Fed Brings Inflation Debate to the Fore
NEW YORK ( TheStreet) -- The Federal Reserve is dancing carefully around its inflation expectations, saying that while inflation might rise temporarily, it will meet expectations in the long run.
The debate about the effects of the Fed's monetary action on inflation has come to the forefront as the central bank grapples with whether to pursue stimulus in an improving economic environment. In the Federal Open Market Committee announcement Tuesday, the central bank suggested that it wasn't concerned about runaway inflation. That left room to stimulate the economy later in the year if necessary.
In the report, the bank said that gas prices may push up inflation temporarily. Strains in global financial markets have eased, although they still pose significant downside risk, it also said.
Meanwhile, much of the latest announcement echoed the conclusions from the prior FOMC in January -- interest rates will be kept near zero through at least late 2014. The labor market has seen improvement, although the the unemployment rate remains elevated. And, repeating language from the last FOMC report, the Fed said "the economy has been expanding moderately."
The report was mostly in line with expectations. Stocks on Tuesday held steadily higher, with the Dow Jones Industrial Average making its way above 13,000 and the Nasdaq headed for its first close above 3000 in 12 years.
"Subsequent to the statement's release, equity markets rallied, bond markets declined modestly and gold continued to fall," said Dan Greenhaus, strategist with BTIG. "We find this a bit interesting because there was nothing in the statement that our initial read through found to be particularly market moving. Nearly every optimistic note was book-ended by a caveat."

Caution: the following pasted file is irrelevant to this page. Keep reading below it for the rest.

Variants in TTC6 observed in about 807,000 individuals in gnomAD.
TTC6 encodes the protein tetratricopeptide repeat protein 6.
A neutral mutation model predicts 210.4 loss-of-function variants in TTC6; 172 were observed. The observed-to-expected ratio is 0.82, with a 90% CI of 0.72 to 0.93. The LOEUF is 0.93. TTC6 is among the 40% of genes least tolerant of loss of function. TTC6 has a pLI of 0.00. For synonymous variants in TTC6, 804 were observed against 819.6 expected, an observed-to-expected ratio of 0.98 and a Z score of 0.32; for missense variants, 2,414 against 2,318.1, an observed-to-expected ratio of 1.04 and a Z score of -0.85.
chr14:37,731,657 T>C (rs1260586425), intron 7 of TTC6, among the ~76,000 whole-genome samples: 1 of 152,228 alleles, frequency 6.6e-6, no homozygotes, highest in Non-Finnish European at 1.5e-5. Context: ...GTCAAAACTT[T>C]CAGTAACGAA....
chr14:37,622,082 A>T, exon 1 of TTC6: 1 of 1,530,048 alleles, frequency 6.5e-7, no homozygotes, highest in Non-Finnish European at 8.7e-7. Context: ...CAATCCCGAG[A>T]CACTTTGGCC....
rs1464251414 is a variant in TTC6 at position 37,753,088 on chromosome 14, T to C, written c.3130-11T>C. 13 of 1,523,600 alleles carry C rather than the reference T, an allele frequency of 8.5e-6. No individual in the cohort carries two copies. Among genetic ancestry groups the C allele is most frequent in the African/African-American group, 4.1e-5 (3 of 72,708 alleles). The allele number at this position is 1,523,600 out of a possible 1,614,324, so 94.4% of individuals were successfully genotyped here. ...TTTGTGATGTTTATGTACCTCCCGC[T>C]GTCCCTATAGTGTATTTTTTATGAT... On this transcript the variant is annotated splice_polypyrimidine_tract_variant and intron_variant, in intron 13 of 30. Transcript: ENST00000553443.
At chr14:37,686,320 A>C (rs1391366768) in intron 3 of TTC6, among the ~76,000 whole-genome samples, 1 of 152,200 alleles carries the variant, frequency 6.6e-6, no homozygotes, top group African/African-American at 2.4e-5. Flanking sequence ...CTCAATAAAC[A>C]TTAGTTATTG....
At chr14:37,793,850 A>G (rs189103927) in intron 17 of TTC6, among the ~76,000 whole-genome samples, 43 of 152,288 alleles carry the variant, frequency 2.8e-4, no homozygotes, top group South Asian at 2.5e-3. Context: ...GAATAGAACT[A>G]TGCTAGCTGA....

Investors weren't expecting the Federal Reserve to announce a new stimulus given that the economy has shown signs of improvement, in particular in the labor market. The last three months has shown a pickup in the pace of job gains to more than 200,000 additions each month, although the unemployment rate remains uncomfortably high at 8.3%.
The Fed's mandate does not include targeting the pace of economic growth. However, a slower rise in GDP projected for the first quarter has raised questions as to whether the bank will come in with economic stimulus later in the year if economic growth continues to taper off.
The Fed's last program to help the economy, Operation Twist, wraps up in June, so many economists note that the Fed would probably wait to act until then. Even if the Fed introduces further stimulus, economists say it is unlikely to launch a full blown round of quantitative easing, given the criticism surrounding the last two rounds. Instead, the speculation is that the central bank may introduce what is known as sterilized bond buying, where the bank would buy long term mortgages and bonds but control inflation in the near term.